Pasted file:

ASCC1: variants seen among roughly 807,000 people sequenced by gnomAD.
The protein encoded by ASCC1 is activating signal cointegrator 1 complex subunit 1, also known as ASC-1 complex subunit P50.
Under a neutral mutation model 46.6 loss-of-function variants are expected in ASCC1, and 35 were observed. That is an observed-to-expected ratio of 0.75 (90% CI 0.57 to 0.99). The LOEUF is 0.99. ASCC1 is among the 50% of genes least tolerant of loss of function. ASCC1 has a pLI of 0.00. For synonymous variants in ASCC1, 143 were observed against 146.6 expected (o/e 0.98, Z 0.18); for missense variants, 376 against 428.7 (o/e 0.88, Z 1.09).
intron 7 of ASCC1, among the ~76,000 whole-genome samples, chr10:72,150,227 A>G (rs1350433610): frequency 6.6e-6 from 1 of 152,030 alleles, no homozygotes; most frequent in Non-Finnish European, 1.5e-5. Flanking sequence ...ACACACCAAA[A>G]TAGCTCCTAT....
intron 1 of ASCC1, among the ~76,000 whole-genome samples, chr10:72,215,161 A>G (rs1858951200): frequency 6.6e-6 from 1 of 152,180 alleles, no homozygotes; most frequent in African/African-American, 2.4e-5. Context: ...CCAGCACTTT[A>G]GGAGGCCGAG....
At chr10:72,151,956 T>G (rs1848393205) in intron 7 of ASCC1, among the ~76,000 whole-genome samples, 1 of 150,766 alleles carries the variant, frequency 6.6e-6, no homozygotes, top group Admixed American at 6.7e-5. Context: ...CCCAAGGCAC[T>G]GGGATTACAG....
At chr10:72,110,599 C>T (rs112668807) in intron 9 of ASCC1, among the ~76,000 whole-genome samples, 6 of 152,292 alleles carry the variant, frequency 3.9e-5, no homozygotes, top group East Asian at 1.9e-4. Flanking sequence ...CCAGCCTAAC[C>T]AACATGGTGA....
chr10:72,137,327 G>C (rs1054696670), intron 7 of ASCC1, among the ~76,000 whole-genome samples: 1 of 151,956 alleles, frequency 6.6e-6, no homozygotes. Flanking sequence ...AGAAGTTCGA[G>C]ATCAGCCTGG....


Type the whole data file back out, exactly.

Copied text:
ASCC1: variants seen among roughly 807,000 people sequenced by gnomAD.
The protein encoded by ASCC1 is activating signal cointegrator 1 complex subunit 1, also known as ASC-1 complex subunit P50.
Under a neutral mutation model 46.6 loss-of-function variants are expected in ASCC1, and 35 were observed. That is an observed-to-expected ratio of 0.75 (90% CI 0.57 to 0.99). The LOEUF is 0.99. ASCC1 is among the 50% of genes least tolerant of loss of function. ASCC1 has a pLI of 0.00. For synonymous variants in ASCC1, 143 were observed against 146.6 expected (o/e 0.98, Z 0.18); for missense variants, 376 against 428.7 (o/e 0.88, Z 1.09).
intron 7 of ASCC1, among the ~76,000 whole-genome samples, chr10:72,150,227 A>G (rs1350433610): frequency 6.6e-6 from 1 of 152,030 alleles, no homozygotes; most frequent in Non-Finnish European, 1.5e-5. Flanking sequence ...ACACACCAAA[A>G]TAGCTCCTAT....
intron 1 of ASCC1, among the ~76,000 whole-genome samples, chr10:72,215,161 A>G (rs1858951200): frequency 6.6e-6 from 1 of 152,180 alleles, no homozygotes; most frequent in African/African-American, 2.4e-5. Context: ...CCAGCACTTT[A>G]GGAGGCCGAG....
At chr10:72,151,956 T>G (rs1848393205) in intron 7 of ASCC1, among the ~76,000 whole-genome samples, 1 of 150,766 alleles carries the variant, frequency 6.6e-6, no homozygotes, top group Admixed American at 6.7e-5. Context: ...CCCAAGGCAC[T>G]GGGATTACAG....
At chr10:72,110,599 C>T (rs112668807) in intron 9 of ASCC1, among the ~76,000 whole-genome samples, 6 of 152,292 alleles carry the variant, frequency 3.9e-5, no homozygotes, top group East Asian at 1.9e-4. Flanking sequence ...CCAGCCTAAC[C>T]AACATGGTGA....
chr10:72,137,327 G>C (rs1054696670), intron 7 of ASCC1, among the ~76,000 whole-genome samples: 1 of 151,956 alleles, frequency 6.6e-6, no homozygotes. Flanking sequence ...AGAAGTTCGA[G>C]ATCAGCCTGG....